After a short chat, the two of us headed across town to my parents' house to look at the paintings. Mom greeted us with lunch, a tray of dark bread with various toppings, Latvian style. Then it was downstairs, to my father's art studio, and I helped to bring out the paintings, lining them up against the wall in the next room so that Alda could make her choice.

A stricken look came over her face. She sank down on the floor, stretched out her legs, grew silent, her eyes moving slowly from painting to painting to painting to painting.

"But I want all of them ... " she moaned.

I chortled a little as I brought out more paintings; I'd seen that effect before. On my own face, too. How many paintings hung in my own house? I'd lost count. I liked a small house, but with minimalist living came the problem of wall space when the heart longed for a gallery of images into which to fall into dreams, into memories, into longing, into all those magical moments that art provides us. Who can explain it?

My parents and Alda fell into conversation; while they talked, I brewed apple tea for everyone and brought down a bowl of grapes, a plate of pastries. Oh, I'd heard all those stories before that the three of them were now trading ... I wandered back into my father's studio to peek through his paintings. Hadn't I seen them all a thousand times before?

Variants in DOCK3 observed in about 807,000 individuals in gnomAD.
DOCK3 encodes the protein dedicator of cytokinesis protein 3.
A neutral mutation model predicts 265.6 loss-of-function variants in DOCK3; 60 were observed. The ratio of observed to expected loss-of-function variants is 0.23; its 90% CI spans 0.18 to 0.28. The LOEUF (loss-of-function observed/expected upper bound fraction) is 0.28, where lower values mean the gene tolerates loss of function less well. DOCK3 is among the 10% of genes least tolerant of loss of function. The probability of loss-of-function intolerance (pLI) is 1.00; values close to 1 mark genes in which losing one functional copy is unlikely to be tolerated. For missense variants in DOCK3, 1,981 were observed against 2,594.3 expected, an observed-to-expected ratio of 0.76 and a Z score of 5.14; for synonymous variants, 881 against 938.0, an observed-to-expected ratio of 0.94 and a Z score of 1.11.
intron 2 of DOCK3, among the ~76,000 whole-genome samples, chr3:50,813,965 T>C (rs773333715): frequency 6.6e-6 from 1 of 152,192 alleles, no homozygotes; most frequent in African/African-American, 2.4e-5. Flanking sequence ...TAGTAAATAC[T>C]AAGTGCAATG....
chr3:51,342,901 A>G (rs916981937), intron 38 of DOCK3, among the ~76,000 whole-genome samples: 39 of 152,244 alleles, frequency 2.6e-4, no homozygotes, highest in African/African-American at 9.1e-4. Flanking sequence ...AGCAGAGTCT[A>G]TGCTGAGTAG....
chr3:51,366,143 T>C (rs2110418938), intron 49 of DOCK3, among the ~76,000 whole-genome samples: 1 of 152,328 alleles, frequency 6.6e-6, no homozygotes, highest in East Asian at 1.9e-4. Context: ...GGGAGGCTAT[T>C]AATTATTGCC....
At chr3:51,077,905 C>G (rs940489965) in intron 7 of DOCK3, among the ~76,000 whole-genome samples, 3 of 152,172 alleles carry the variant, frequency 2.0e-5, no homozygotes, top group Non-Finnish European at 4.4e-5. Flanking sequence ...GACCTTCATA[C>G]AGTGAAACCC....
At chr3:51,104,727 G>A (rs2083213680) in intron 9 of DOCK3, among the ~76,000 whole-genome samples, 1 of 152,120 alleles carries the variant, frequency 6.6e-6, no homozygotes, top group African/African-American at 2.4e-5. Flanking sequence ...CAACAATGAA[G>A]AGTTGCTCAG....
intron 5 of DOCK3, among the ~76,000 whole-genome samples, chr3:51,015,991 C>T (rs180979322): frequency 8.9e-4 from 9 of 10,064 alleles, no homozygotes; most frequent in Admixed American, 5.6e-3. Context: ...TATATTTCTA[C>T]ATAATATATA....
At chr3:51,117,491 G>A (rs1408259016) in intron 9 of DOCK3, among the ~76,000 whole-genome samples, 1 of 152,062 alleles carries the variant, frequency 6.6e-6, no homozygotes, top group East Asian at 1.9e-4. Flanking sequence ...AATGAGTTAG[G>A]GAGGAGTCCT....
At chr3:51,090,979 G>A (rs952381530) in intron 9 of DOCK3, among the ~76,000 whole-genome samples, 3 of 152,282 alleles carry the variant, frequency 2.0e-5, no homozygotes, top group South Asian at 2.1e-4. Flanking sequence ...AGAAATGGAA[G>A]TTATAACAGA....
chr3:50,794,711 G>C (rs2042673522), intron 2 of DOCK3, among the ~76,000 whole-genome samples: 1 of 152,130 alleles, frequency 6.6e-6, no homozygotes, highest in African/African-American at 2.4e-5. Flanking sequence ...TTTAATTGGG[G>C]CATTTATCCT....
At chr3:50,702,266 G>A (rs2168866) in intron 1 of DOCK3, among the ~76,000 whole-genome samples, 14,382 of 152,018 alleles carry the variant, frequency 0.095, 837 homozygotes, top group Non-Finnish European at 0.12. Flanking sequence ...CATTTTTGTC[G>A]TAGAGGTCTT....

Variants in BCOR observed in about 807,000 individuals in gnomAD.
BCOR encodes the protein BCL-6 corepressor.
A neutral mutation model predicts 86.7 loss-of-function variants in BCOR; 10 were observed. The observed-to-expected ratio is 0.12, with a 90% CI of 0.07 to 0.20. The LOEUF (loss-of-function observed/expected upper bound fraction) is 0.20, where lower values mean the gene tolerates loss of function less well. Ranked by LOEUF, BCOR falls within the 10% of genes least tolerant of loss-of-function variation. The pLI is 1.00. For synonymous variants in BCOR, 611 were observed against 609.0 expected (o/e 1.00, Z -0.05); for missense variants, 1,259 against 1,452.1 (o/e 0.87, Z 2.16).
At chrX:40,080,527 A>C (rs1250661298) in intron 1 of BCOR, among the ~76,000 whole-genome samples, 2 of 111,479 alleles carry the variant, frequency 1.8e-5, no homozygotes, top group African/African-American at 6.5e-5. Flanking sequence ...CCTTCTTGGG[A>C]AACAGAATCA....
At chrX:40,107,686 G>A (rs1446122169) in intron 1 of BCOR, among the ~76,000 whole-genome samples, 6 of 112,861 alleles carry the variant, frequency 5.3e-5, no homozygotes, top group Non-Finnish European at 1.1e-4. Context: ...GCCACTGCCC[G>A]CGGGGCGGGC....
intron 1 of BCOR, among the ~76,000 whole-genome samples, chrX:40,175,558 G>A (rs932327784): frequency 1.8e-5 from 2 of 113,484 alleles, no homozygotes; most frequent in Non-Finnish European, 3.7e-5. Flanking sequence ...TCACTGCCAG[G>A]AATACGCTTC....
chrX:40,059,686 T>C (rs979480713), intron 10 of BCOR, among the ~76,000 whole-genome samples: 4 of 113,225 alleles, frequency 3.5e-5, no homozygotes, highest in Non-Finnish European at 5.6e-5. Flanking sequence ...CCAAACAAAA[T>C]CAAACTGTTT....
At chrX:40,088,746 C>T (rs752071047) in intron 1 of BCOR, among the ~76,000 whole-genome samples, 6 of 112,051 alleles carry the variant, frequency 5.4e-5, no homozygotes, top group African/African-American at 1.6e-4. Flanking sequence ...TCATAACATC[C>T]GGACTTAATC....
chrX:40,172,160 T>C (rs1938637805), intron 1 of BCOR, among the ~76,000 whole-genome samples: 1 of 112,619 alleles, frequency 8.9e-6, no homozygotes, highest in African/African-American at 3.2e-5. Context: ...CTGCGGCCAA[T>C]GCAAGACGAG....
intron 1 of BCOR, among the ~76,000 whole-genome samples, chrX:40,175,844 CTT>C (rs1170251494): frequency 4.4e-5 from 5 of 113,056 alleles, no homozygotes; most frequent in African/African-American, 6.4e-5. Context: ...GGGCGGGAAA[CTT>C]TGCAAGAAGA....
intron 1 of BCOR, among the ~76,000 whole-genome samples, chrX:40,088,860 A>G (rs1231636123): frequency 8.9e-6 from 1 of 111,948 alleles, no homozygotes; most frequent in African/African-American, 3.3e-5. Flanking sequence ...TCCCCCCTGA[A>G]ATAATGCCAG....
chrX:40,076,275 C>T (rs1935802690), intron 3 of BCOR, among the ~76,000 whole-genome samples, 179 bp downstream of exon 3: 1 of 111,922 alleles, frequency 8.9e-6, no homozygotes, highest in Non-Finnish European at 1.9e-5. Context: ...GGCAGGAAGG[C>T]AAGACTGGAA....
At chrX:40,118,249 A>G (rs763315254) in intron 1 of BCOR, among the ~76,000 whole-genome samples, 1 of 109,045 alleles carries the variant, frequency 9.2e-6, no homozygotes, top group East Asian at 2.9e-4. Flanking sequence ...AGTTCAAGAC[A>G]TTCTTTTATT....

But no. What's here? Shelves stuffed full of blocks of watercolor paper ... wait, no. This wasn't just watercolor paper, untouched and white. These were finished paintings. Stacks upon stacks of them, oh my, and here were years, decades of treasure ...

I started bringing them out for a better look in the other room, where the three chattered. They grew silent behind me as I arranged the paintings.

"Where did you find those?" my father asked.

"But I thought I'd seen all your work," my mother puzzled.

"Oh no," from Alda. "What are you doing to me?"

Because one of the watercolors was a study of dunes, dune grasses, the edge of pale lavendar water blending with sky just beyond. Alda had lived most of her life in Holland, a small town on the edge of Lake Michigan, and the image resonated. She scooted down on the floor again, held the painting up in her hands, then set it aside with the three paintings of birches she had chosen to buy.

Three? Now four?

I went back to the studio, brought out another stack. I brought out oils, too, men and women in Latvian folk costume, gorgeous women in dreamy poses, reclining nudes, waterscapes, landscapes, seascapes, flowers, and then an abstract watercolor of thin grasses on a dark background, their tips blown to seeds like tiny explosions ...